Preparing to cast some type

Someone has asked me to cast some type to fill out a font they already have. For reasons unknown, he has almost no capital S and is also short on capital C and T. He mailed me a sample type of each to ensure that the new type I cast would match the alignment of his existing type. Although there is a standard alignment for most fonts, this is not always followed and it is essential for new type to duplicate the alignment of the old type it will be mixed with, even if this alignment is non-standard.

As a preliminary to doing this casting work, I sat down for a few minutes to measure the size of the samples he had sent—something else I should also match. The result is this absolutely riveting video of me sitting at a table with a micrometer and slide rule. The video has been sped up at times where I have nothing to say about the process.

I found to my surprise that the type was cast 1 to 2 points narrower that the standard size. According to the markings on the matrices, they should have been 11, 10.5, and 11 points (0.1521″, 0.1452″, and 0.1521″) but were instead 0.1315″, 0.1187″, and 0.1422″ for the S, C, and T respectively. The faces of the type overhung to such an extent that the combinations “CT” and “ST” could not be set without a copper or brass space between the letters, or perhaps filing off some of the beard on the overhang.

The face in question is 18 point Swing Bold (Lanston Monotype #217). This is a script-style face with the lowercase letters all joining to each other as an imitation of handwritten text. The capital letters don’t join to the lowercase, though. The face also includes a lead-in stroke to use at the start of lowercase words to clean up what would otherwise be an abrupt start to the stroke (where it would normally join the previous letter). The specimen pages don’t show these lead-in strokes in use, though. Although they provide nice finish to the words, they can’t be used before the second letter of a capitalized word. Doing so would generate too much visual space between the capital and next letters. Perhaps these narrow-cast capitals are intended to be used with the lead-in stroke.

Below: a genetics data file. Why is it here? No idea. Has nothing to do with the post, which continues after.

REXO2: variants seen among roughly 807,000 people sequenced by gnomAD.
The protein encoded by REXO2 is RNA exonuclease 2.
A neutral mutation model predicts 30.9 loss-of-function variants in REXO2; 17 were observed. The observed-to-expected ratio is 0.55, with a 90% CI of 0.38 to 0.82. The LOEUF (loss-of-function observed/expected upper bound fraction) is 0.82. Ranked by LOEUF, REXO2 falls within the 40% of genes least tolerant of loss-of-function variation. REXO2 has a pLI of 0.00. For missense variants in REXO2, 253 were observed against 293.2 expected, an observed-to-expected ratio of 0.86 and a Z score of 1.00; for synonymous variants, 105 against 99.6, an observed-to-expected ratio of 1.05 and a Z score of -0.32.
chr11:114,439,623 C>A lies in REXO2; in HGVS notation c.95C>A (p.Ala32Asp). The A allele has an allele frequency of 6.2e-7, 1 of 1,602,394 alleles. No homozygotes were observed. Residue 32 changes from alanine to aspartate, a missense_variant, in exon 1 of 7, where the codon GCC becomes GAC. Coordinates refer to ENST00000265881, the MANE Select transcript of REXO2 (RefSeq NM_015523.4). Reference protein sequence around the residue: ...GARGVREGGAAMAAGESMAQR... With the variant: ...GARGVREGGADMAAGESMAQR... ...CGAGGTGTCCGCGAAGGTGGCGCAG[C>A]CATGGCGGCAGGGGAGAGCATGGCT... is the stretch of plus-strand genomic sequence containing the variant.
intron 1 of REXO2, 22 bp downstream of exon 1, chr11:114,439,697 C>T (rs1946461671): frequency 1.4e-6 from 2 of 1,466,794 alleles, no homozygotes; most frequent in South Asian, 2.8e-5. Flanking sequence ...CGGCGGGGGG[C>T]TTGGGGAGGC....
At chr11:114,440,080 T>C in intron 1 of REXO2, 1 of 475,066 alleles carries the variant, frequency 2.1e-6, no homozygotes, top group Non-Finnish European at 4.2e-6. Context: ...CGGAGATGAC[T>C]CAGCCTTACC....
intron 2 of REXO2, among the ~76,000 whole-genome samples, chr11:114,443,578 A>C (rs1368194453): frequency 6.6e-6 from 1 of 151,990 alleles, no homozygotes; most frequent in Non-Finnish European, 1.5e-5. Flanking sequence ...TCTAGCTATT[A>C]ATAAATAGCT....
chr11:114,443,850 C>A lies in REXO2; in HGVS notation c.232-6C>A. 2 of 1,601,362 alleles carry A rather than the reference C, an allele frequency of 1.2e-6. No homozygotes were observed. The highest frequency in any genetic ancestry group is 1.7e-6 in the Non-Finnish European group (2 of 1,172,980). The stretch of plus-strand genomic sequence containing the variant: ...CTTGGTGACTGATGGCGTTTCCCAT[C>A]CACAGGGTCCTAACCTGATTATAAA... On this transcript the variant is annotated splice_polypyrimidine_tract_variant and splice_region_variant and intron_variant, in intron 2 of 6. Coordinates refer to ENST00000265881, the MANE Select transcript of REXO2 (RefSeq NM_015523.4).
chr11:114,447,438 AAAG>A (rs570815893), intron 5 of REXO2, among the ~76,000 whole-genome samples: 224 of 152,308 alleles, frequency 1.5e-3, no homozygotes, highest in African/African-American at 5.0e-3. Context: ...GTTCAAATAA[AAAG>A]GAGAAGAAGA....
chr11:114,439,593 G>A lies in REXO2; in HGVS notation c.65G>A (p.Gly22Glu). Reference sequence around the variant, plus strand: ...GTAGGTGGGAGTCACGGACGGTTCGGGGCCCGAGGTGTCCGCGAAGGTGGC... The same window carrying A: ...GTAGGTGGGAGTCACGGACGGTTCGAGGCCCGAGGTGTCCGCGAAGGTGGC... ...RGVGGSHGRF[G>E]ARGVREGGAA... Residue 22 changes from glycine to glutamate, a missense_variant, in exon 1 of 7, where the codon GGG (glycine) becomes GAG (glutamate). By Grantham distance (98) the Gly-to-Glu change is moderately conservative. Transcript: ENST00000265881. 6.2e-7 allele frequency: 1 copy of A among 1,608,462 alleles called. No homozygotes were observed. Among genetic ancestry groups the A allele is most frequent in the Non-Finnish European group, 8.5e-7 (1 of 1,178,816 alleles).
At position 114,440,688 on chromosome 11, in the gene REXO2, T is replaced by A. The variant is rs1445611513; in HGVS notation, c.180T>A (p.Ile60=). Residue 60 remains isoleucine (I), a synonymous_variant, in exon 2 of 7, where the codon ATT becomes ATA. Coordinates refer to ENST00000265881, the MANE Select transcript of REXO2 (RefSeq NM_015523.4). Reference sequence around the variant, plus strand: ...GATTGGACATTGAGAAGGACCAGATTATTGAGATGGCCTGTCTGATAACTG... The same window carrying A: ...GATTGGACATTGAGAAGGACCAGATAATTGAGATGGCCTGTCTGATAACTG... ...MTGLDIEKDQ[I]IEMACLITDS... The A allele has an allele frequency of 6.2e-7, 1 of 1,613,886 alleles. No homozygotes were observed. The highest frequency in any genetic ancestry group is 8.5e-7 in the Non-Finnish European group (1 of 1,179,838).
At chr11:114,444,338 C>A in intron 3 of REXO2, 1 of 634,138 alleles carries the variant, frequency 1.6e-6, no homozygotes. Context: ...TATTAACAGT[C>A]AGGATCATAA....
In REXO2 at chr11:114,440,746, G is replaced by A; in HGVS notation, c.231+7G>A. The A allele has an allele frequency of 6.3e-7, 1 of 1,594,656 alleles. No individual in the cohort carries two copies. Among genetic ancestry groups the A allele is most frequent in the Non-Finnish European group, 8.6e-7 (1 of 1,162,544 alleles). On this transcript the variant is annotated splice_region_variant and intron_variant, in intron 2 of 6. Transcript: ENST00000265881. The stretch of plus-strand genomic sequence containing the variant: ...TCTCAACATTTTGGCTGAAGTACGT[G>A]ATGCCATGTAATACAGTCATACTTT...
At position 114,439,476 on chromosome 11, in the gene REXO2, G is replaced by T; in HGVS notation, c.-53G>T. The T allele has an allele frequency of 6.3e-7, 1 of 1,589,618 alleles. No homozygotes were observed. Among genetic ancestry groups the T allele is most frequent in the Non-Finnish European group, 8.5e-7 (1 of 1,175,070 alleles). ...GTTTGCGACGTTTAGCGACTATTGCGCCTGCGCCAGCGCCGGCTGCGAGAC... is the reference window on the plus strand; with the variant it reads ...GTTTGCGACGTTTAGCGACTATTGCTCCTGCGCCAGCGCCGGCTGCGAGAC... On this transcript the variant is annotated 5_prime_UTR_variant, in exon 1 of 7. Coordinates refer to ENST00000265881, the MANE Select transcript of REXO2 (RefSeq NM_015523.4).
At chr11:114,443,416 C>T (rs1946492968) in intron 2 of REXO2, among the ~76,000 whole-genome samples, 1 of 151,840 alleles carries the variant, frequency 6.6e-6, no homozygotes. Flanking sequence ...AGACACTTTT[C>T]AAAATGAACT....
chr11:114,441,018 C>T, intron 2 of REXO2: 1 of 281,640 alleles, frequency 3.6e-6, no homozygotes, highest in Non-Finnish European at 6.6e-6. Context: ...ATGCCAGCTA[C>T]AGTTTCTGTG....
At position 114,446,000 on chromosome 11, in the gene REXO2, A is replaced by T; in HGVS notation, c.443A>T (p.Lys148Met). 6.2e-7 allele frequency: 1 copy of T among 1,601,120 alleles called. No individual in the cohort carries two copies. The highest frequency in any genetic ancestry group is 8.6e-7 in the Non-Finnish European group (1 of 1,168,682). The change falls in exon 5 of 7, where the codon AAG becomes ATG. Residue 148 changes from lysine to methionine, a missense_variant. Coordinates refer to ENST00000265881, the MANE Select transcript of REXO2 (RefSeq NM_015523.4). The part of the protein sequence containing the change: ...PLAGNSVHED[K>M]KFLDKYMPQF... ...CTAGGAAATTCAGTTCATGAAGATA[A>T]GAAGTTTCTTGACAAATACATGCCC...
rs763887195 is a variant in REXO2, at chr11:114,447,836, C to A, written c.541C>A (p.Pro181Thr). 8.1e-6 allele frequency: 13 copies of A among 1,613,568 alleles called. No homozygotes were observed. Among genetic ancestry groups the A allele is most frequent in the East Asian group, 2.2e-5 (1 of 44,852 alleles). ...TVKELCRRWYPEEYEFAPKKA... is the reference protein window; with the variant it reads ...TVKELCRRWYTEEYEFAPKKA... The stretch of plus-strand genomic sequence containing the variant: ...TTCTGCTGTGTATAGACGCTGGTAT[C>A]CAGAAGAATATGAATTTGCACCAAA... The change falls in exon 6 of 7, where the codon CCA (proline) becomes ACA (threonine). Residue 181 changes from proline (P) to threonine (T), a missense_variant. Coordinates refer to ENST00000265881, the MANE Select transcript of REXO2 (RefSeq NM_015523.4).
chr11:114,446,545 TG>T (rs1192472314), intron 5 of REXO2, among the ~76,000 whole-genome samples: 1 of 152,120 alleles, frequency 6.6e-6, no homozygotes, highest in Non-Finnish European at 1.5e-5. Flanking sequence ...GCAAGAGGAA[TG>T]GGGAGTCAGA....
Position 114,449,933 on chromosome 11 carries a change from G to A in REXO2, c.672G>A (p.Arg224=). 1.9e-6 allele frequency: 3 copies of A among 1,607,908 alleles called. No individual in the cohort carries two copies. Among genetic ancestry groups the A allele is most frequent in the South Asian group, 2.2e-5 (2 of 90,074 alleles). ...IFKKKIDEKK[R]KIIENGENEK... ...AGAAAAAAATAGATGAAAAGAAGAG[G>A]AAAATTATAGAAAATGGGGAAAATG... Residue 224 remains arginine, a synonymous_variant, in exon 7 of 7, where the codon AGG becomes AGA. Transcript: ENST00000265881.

The following examples are approximations made from a scan from the specimen page for this face. The crowding of the S does not necessarily correspond to the width reduction of the type samples I have, but this shows the general effect.

This is a words taken from the text sample on the specimen page. Note how all the lowercase letters join, but the start of the 't' is rather abrupt.

This is a word taken from the text sample on the specimen page. Note how the lowercase letters join, but the start of the t is rather abrupt since it is right at the edge of the type body.

This is the effect you would get with the 'S' cast narrow, so it can be closer to the 't.' Although some of the space is gone, there is still a rough transition from the S to the t.

This is the effect you would get with the S cast narrow, so it can be closer to the t. Although some of the space is gone, there is still a rough transition from the S to the t.

This is what the word would look like if the lead-in stroke were added to the t. The start of the stroke is improved, but the space between the S and t is even larger.

This is what the word would look like if the lead-in stroke were added to the t and using a normal-width S. The start of the stroke looks much better, but the large space between the S and t make this look like two words (what is an “s tyle”?).

This is a combination of using the lead-in stroke and a narrow-cast S.

This is a combination of using the lead-in stroke and a narrow-cast S.

Whatever the reason these are cast narrow, I’ll have to verify that it wasn’t just a fluke that the samples I received were some rare narrow-cast letters from a case of otherwise standard width ones.

Posted in Font Casting, Kevin, Monotype Composition Caster, Things we sell

Leave a Reply

Your email address will not be published. Required fields are marked *

*